I have seen the idiotic comments on social media from both Rosberg and Hamilton fans over the last couple of years and I saw a few more over the weekend. That’s just what they are. Idiotic.
Jenson, on the back of his news, looked feisty (as much as you can be in a McLaren at the moment). Then we have Fernando Alonso. After pitting towards the end he came out and showboated a fastest lap. Not only did this put a smile on the faces of McLaren fans, it actually proved that unharnessed and released from its shackles, the car is quick. It also reinforces the fact, if it had been forgotten, that Alonso is a fast driver given the right tools. Just needs to work on those mood swings of his.
I was playing catch-up. My recording box primed with times of races so detailed it was a like a master battleplan and I was the General.
Buckle up, it’s time for the mayhem, chaos and excitement that is Moto3.
Brad Binder extended his lead to 86 points in the Championship. He could possibly sit in the garage, put his feet up and have a cup of tea for the next couple of races if he wanted to. He won’t and nor should he. The likeable South African put in a great performance to win the Octo British Grand Prix at Silverstone.
The Silverstone track was bumping the riders all over the place. The old lady is getting on a bit now and it’s starting to show.
Binder was assisted in putting one hand on the trophy after Jorge Navarro was unceremoniously ejected from his bike. At first it looked as though Andrea Migno had clipped him, but on the replay you see that it was actually the wildcard rider Stefano Manzi. Navarro and Migno came together after Manzi’s contact and they both went tumbling. Manzi, who had started on the second to last row of the grid, carried on and managed to put himself in fifth place at the chequered flag. The collision aside I think there might be a few teams looking at this young man.
Last season British fans were in the same position as South African fans. We look at our rider surging ahead in the points, putting in one sublime performance after another and yet there is still that nervousness of what if? If Binder gives South African fans the kind of end of season that Danny Kent gave us Brits you’re in for an edge of the seat finish. That said, I think Binder will be crowned Moto3 champion.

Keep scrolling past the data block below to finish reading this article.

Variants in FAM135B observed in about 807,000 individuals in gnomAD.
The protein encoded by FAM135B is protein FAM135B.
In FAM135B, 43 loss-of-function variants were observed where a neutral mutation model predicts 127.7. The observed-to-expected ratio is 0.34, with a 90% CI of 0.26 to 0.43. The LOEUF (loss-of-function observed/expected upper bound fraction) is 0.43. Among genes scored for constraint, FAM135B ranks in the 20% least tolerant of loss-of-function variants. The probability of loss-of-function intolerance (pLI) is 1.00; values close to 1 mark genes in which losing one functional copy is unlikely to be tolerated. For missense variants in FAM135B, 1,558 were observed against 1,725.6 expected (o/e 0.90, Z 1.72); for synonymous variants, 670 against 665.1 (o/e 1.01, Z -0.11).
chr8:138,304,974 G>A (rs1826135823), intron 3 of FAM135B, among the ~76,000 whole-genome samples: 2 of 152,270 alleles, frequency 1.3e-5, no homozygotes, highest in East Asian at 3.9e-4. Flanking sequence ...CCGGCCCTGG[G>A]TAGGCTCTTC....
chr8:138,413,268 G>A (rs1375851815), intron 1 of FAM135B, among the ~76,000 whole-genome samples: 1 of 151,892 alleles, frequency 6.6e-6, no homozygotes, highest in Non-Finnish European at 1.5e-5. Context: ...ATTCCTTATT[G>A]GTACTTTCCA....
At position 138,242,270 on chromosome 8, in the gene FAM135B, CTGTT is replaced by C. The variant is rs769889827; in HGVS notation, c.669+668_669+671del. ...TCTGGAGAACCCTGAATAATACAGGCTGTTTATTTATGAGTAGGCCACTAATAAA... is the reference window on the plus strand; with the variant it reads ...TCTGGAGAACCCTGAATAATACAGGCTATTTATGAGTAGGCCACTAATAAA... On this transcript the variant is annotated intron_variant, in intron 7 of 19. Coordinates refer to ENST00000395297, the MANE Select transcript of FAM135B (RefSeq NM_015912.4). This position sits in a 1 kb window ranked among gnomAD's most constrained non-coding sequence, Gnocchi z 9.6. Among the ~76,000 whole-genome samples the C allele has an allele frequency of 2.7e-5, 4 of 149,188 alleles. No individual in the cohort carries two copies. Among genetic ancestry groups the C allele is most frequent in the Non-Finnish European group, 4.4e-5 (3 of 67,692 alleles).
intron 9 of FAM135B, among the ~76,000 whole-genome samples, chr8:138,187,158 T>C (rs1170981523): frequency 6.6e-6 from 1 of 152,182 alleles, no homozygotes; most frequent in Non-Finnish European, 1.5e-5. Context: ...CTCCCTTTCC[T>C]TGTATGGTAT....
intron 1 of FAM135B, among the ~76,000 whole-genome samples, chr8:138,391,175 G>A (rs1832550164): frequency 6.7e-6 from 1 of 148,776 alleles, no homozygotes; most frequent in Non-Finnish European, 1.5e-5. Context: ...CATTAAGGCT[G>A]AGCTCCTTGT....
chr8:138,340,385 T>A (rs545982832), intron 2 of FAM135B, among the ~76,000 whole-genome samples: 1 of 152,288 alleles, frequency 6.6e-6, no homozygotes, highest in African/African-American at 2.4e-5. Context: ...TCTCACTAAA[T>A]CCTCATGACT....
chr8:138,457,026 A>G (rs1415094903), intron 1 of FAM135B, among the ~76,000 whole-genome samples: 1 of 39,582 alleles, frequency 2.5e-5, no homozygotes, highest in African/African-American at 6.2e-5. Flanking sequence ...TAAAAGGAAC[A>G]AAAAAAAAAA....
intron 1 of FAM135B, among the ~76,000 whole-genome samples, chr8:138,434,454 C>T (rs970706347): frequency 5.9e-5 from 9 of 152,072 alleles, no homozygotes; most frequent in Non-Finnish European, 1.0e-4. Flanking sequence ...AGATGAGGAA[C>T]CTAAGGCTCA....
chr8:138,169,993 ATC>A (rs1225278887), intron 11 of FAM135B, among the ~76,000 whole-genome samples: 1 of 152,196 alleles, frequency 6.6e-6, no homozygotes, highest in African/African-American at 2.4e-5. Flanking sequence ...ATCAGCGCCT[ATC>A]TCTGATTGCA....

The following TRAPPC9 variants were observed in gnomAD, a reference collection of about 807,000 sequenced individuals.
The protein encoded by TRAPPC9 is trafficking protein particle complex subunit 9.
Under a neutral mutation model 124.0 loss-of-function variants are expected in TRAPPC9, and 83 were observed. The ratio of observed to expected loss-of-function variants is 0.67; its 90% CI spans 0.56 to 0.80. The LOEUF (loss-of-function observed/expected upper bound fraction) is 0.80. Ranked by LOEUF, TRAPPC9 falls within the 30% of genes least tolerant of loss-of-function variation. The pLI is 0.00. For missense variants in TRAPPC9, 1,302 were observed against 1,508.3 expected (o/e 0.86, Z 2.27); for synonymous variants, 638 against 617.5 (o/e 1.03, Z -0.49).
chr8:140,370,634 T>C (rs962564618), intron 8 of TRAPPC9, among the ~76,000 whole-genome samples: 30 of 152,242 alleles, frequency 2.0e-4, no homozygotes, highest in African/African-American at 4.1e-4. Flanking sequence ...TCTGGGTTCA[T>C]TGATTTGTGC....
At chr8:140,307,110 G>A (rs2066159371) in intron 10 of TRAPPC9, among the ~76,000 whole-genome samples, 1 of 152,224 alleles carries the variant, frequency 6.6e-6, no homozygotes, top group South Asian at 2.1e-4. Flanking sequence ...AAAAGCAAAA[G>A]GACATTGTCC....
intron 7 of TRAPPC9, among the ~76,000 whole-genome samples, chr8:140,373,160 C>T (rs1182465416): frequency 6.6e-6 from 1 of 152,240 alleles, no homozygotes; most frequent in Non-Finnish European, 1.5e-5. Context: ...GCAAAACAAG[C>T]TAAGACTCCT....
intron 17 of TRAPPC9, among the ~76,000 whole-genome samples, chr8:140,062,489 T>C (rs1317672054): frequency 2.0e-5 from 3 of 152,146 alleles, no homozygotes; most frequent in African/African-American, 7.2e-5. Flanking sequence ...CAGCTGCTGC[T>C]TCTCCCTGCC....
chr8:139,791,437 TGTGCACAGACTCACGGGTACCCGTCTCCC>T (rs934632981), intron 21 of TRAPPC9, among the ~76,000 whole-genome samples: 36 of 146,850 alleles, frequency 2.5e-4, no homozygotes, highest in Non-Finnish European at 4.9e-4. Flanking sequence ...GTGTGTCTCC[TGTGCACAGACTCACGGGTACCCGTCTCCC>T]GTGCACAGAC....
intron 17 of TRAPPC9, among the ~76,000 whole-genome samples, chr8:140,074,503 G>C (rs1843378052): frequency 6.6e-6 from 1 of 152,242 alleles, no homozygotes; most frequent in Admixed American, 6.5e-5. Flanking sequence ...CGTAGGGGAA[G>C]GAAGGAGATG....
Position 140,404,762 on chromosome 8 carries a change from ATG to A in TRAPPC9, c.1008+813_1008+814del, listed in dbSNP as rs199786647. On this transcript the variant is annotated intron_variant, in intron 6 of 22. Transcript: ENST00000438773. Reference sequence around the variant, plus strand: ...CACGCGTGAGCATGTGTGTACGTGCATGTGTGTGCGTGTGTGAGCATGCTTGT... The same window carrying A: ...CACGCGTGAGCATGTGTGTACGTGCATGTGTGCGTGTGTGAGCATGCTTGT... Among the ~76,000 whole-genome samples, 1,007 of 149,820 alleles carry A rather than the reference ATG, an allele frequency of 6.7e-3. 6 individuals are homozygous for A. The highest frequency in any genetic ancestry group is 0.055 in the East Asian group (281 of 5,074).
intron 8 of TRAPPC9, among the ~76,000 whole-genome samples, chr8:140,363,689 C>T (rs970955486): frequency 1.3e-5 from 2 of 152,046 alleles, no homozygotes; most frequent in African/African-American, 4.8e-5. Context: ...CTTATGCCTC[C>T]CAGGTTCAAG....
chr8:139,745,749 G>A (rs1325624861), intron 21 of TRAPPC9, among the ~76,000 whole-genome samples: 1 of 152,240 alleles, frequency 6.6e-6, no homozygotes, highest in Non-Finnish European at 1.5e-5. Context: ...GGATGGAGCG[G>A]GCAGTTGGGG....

It was Moto2 next and it was time for Sam Lowes.
The battle for the title is on. Zarco, Rins and Lowes (though some might add Luthi to that now). It has been an epic tussle between the three of them and as Sam sat on the grid, pole position, I could feel the butterflies in my stomach. Come on Sam!
The race went off at a furious pace and then Zarco started to come back. In a press conference before the race he had stated that he needed to stop Lowes. He stopped him alright, but it definitely wasn’t sporting. Lowes was catapulted by Zarco as the Frenchman barrelled his way through on the inside. I have no qualms whatsoever laying the blame of Sam Lowes crashing out at the door of Zarco. It was a reckless move from the defending champion and he kept his word. He stopped Lowes.
There is no taking it away from Thomas Luthi, who rode a fantastic race and has put himself back in the Championship hunt, now six points behind Lowes. We should have had a Brit on the podium in the Moto2 race at Silverstone, but it wasn’t to be.
The main race. The big one. MotoGP.